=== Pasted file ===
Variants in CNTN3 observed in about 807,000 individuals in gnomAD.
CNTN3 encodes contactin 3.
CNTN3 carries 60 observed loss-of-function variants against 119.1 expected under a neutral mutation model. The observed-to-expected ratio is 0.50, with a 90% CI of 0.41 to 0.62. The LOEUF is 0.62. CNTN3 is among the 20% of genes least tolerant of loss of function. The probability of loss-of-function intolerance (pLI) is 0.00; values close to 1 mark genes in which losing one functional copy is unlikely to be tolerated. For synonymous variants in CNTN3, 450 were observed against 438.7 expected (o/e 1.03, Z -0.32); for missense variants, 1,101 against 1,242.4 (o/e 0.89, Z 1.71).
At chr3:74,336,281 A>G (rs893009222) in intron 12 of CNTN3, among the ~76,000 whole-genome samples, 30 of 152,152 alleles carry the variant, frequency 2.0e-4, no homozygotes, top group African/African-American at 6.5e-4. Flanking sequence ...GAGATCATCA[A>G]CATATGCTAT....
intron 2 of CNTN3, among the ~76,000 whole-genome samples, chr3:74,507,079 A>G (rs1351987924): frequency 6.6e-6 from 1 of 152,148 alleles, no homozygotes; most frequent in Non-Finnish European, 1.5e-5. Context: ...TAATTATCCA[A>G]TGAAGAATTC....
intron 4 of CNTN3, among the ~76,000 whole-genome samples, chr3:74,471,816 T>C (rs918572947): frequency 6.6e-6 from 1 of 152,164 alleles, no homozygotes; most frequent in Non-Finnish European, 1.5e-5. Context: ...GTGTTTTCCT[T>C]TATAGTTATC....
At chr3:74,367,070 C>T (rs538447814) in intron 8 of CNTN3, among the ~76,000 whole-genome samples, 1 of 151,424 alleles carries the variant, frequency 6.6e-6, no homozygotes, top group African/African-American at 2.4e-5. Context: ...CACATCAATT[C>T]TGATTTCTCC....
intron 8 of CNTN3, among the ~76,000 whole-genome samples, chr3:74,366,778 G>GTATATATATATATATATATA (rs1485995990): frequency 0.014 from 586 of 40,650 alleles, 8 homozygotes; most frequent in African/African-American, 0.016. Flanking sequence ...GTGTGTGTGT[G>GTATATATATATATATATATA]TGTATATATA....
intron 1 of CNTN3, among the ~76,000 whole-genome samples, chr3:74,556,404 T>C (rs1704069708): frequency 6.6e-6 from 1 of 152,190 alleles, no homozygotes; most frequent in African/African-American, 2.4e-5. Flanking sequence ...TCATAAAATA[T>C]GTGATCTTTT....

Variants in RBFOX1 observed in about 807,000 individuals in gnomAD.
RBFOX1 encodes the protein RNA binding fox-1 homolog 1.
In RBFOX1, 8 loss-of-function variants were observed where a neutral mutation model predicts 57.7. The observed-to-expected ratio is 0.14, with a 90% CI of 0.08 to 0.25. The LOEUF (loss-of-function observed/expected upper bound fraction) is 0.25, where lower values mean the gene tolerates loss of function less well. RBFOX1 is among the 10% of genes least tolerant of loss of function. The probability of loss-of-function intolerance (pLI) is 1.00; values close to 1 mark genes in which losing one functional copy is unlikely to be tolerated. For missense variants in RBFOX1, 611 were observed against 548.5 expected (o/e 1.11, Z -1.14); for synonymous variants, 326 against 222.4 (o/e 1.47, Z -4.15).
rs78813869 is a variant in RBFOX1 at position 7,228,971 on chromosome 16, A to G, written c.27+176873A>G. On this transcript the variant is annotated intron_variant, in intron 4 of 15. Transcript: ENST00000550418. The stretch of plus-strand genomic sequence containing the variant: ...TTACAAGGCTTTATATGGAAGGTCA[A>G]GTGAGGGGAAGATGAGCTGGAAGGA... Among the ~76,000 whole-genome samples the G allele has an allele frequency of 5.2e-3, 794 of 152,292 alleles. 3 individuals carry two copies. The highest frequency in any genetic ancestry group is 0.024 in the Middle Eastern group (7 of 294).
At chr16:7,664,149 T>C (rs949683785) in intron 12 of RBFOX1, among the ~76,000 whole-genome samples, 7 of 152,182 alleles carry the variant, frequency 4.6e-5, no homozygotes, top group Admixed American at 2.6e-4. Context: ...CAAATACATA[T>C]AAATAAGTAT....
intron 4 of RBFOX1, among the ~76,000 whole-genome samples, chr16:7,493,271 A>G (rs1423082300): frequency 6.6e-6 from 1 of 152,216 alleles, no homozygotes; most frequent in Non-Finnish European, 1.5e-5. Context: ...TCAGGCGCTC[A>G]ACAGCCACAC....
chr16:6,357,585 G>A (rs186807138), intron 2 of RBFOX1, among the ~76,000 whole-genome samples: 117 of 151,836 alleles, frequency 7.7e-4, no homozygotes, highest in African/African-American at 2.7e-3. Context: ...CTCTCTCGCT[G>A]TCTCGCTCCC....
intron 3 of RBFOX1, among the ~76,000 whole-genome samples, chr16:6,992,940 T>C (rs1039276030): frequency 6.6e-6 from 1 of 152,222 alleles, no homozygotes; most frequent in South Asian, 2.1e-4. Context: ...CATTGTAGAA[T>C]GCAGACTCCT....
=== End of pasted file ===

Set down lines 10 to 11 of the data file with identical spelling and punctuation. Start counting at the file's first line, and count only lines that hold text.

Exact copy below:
Variants in RBFOX1 observed in about 807,000 individuals in gnomAD.
RBFOX1 encodes the protein RNA binding fox-1 homolog 1.